Sally Brown, Research Assistant Professor in the Ecosystems Sciences Division, first came to CFR as a Research Associate in 1998. Sally was born and raised in New York City. She says, "During high school, I had absolutely no idea that I would end up working as a soil scientistI didn't even know that one could be a soil scientist! A true New Yorker, I had a hard time believing that a driver's license was important and took great pride in having traveled on every one of the city's subway lines. However, after a short time at Williams College in Williamstown, MA, where I majored in political science and history of ideas, I started to realize that a driver's license might come in handy. The soils part hadn't kicked in yet.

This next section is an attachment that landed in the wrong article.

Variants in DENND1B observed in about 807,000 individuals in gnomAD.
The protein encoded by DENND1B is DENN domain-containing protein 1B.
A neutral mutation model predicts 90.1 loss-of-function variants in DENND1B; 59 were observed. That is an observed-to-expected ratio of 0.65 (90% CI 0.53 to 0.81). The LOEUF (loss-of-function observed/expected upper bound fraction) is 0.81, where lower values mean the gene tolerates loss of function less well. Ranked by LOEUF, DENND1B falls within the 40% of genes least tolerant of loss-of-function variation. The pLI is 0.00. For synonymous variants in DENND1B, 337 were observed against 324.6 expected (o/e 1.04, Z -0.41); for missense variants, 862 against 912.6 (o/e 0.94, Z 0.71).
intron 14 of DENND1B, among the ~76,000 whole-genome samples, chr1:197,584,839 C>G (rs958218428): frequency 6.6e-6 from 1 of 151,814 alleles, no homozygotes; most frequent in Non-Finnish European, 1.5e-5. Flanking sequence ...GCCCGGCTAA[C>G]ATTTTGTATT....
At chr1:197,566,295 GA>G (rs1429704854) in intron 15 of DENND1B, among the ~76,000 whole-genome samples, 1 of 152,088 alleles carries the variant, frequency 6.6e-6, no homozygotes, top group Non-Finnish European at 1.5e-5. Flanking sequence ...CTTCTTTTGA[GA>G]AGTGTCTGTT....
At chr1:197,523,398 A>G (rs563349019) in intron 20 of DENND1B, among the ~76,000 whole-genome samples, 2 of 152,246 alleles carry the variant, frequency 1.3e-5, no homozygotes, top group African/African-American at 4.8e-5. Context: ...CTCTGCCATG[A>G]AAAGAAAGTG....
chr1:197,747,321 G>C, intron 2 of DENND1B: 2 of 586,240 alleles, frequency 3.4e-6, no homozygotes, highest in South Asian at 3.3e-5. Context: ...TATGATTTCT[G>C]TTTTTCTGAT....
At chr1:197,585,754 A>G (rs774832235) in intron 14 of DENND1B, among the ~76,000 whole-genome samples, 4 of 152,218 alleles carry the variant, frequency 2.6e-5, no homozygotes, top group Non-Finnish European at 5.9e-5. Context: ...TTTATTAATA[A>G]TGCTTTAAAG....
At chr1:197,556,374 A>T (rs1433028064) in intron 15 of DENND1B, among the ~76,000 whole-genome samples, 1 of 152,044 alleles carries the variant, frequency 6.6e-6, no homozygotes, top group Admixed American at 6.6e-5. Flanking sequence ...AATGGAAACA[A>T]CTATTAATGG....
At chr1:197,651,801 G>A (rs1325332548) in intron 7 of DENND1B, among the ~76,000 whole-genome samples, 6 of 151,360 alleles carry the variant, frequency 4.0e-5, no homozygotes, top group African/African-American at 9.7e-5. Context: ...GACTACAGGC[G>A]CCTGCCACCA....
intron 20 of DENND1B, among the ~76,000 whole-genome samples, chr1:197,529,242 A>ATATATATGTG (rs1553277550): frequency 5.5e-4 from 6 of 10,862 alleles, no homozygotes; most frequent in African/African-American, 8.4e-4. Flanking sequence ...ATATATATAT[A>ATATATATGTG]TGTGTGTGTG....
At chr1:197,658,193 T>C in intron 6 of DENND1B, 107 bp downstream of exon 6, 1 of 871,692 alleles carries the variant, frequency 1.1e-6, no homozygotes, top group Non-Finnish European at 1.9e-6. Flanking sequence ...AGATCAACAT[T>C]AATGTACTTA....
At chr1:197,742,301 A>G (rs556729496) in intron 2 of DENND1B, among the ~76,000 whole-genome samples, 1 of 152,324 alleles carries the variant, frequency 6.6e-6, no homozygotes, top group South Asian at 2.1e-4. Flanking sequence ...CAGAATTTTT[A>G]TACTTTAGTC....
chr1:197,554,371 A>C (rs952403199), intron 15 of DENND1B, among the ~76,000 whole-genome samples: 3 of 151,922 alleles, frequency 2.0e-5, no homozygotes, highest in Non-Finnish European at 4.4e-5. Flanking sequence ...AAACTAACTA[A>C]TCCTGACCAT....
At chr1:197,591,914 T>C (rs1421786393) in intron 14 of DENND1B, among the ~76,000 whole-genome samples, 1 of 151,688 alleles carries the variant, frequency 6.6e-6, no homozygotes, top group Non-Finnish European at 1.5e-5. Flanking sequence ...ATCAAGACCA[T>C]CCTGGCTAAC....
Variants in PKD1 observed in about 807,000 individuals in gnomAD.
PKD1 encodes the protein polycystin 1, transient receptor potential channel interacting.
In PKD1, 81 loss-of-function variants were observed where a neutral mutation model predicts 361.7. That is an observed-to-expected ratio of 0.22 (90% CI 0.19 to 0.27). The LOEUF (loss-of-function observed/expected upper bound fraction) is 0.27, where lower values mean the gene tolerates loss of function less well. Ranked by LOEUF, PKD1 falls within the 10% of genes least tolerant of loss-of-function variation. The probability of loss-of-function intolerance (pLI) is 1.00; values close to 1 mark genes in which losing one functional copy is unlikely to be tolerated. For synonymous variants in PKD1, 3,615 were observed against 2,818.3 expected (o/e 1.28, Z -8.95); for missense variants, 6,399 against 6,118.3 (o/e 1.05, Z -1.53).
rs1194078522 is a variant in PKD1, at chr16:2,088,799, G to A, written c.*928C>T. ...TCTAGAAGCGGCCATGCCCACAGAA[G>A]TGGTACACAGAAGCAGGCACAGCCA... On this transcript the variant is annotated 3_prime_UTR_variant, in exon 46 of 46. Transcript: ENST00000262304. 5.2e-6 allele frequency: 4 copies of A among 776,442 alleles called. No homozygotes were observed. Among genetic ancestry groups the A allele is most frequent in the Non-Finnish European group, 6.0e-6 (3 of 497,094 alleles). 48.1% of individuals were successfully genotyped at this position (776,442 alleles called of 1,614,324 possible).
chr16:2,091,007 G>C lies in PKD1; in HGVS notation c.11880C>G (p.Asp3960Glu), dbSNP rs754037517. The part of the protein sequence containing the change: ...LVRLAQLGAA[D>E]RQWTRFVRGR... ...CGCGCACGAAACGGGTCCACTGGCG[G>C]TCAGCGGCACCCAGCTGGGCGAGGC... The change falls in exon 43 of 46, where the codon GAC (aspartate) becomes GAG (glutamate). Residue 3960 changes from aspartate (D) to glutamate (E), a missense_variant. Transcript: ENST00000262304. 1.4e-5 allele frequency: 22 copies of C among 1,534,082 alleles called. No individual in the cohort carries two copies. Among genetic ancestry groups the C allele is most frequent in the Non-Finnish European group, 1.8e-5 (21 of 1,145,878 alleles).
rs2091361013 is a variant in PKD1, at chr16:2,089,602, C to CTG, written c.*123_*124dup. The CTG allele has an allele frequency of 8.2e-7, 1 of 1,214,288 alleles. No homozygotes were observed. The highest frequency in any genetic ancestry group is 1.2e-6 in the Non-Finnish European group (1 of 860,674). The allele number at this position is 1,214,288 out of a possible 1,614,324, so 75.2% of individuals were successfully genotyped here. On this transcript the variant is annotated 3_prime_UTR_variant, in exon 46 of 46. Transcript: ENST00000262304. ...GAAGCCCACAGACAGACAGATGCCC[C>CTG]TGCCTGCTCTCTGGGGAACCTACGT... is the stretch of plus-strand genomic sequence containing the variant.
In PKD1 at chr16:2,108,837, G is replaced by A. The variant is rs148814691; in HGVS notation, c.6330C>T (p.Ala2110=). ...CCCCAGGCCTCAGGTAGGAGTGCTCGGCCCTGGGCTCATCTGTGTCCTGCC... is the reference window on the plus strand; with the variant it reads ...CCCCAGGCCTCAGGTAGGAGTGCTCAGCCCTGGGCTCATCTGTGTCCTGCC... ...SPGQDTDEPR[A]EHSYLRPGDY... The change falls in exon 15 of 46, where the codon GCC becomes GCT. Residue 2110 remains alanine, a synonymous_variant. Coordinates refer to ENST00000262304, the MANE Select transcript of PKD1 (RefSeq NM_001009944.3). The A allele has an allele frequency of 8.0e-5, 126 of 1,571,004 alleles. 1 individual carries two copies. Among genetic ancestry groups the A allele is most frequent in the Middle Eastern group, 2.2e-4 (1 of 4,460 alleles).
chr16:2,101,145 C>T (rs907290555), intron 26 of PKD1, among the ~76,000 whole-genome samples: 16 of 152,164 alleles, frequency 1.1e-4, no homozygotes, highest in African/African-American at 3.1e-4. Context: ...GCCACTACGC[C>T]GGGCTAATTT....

After college I wanted to learn how to `do' something and became a chef. I worked in Manhattan, New Orleans, and Puerto Rico and really loved it. While working in Manhattan, I realized that using locally grown produce in season would benefit both the people eating the food as well as the farmers. I started a wholesale produce company that sold produce to restaurants and supermarkets in the New York metropolitan area. I introduced arugula to Fred Terry, a local farmer, and he introduced me to agriculture. After running the business for several years, I decided to go to graduate school to learn about municipal biosolids. In my mind, this was a way to integrate the rural and urban sectors. (This was before I understood things like Class A vs. Class B materials and odor concerns!)"